Third resort planned for Crook County
By Rachael Scarborough King / The Bulletin
Published: November 03. 2006 5:00AM PST
A development company has filed an application to build a third destination resort in the Powell Butte area of Crook County.
So far, 7,100 acres are spoken for out of 38,000 total mapped for resort use.
Pahlisch Homes, a Bend-based development company, filed its preliminary application in August with the Crook County Planning Department, said Brian Bergler, vice president of corporate communications for Pahlisch. The preliminary plans call for 2,450 single-family homes and 1,225 overnight rental units on a 3,243-acre parcel between Alfalfa and Powell Butte.
Pahlisch has also chosen a name for the resort, Hidden Canyon.
At the same time, Winchester Development Co., which is based in La Quinta, Calif., is already through two public hearings on its planned destination resort, Remington Ranch, north of state Highway 126. Another hearing is scheduled for Nov. 8, and the planning commission may make a decision on the application then, Planning Director Bill Zelenka said.
And a third resort, Brasada Ranch, has already sold about 300 home sites and started construction on nine houses. Steve Cartmill, general manager of Brasada Ranch, said the resort will eventually have about 900 units on 1,800 acres and added that he expects the first families to arrive in early spring. The resort is located east of the Powell Butte Highway.
Remington Ranch’s plans call for 800 single-family residences and 400 overnight units, plus three golf courses and a system of walking and biking trails.
Its 2,079-acre property is located northwest of Powell Butte.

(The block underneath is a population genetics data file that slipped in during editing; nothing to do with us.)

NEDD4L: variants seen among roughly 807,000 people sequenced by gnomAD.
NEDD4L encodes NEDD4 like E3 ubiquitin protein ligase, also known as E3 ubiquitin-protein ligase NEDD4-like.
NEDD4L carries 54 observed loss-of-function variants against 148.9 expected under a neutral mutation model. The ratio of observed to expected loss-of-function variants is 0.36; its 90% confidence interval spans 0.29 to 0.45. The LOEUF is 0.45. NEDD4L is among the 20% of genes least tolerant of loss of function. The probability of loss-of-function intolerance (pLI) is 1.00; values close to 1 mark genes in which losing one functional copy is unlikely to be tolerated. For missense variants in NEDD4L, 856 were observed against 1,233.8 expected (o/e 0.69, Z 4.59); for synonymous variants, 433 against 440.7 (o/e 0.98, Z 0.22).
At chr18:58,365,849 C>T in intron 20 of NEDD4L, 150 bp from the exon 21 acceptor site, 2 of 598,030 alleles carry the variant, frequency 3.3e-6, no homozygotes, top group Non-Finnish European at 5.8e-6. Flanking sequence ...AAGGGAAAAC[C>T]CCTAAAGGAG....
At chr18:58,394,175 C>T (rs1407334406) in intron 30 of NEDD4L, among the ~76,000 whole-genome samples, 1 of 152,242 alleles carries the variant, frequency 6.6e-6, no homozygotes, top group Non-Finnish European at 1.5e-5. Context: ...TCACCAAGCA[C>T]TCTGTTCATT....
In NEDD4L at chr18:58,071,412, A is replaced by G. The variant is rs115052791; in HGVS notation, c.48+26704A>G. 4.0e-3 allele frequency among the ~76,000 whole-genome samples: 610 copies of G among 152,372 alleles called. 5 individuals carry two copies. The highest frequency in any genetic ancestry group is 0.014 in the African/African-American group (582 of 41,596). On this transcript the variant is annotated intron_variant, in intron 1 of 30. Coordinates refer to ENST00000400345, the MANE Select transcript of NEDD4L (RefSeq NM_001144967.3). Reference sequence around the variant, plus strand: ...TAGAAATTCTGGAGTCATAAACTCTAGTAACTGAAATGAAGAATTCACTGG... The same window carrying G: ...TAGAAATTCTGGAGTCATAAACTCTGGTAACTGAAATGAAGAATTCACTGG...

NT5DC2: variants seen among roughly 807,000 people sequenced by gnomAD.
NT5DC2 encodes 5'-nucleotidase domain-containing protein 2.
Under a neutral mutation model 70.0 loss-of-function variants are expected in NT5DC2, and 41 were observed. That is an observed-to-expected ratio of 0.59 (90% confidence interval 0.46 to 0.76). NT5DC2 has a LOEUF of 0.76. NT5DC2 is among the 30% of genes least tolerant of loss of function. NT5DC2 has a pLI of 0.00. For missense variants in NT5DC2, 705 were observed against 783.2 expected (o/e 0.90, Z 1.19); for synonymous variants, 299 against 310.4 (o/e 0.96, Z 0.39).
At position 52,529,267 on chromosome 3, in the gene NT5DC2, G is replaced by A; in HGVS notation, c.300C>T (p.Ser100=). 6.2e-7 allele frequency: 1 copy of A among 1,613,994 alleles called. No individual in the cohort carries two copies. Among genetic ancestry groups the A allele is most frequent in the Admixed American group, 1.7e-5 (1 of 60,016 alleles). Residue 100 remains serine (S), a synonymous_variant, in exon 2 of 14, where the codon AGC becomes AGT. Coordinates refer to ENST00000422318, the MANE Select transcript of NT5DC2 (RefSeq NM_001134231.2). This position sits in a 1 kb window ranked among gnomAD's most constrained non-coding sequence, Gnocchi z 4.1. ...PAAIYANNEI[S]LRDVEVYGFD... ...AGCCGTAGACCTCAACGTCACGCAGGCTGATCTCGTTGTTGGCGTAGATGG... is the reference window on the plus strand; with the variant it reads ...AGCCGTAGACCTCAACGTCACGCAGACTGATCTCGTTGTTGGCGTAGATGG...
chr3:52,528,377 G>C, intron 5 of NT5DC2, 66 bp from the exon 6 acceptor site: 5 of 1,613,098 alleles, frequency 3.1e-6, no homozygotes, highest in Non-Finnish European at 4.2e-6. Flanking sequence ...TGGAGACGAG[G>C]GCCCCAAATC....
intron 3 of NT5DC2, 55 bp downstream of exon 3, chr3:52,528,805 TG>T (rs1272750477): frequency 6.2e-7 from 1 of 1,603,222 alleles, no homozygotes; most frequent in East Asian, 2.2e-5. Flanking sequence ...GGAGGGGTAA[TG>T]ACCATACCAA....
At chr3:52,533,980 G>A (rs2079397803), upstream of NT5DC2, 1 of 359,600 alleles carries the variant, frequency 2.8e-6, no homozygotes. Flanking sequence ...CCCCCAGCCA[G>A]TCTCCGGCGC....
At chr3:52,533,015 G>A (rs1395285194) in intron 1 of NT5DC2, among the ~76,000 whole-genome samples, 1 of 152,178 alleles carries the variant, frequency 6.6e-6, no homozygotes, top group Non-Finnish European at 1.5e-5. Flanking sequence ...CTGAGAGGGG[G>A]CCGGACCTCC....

“We’re very happy with Crook County, we spent a lot of time looking for property and the property we ultimately landed on is a great fit for us and our development philosophy,” said Chris Pippin, vice president for Winchester Development. “It’s a great location and a great community, we actually like being tied to Prineville as well as Bend.”
Crook County mapped out a destination resort overlay zone about four years ago on 38,000 acres in the western area of the county that had been mostly zoned for farm use but eligible for resort development. According to the Crook County code, destination resorts must maintain a ratio of 2:1 for residential to overnight lodging units, and set aside land for recreational facilities.
When Brasada Ranch was in the initial phase of public hearings, several local residents raised concerns about the resort and filed appeals with the county and state to block development.
But Zelenka said that resort opposition seems to have died down and no one spoke out against Remington Ranch at either of its first two public hearings. Pippin of Winchester Development said he thinks people have become more used to the idea of resorts in the Powell Butte area.
“I do think Brasada has done a good job of paving the way, if you will, for other destination resorts, especially in Crook County. But I also think it speaks to the strength of our application and to the amount of time and energy and dollars we’ve spent on doing expert reports and getting this application to what it is today,” Pippin said.
Dealing with the Remington Ranch and Hidden Canyon applications back to back has created a lot of paperwork for the planning department, Zelenka said.
“It’s a big deal … it does stretch us thin,” Zelenka said.
The next step for Remington Ranch would be to get approval of its master plan by the planning commission, said Judge Scott Cooper, of the Crook County Court. It would then have to submit individual phase plans. Cooper added that the first public hearing for Pahlisch’s development, Hidden Canyon, will probably be held early next year.
Cooper said he doesn’t know of any other definite plans for more resorts. Last year, two Bend developers bought about 3,000 acres of land on the east side of Powell Butte near George Millican Road, some of which would be eligible for destination resort development.
“I hear lots of things in the wind, but there’s a lot of property changing hands out there so I don’t really know who ultimately would be filing those (applications),” Cooper said. “If the market stays solid for the ones that are already under development or in the pre-development phase then I suspect we’ll continue to receive applications trickling in until we’ve saturated the market.”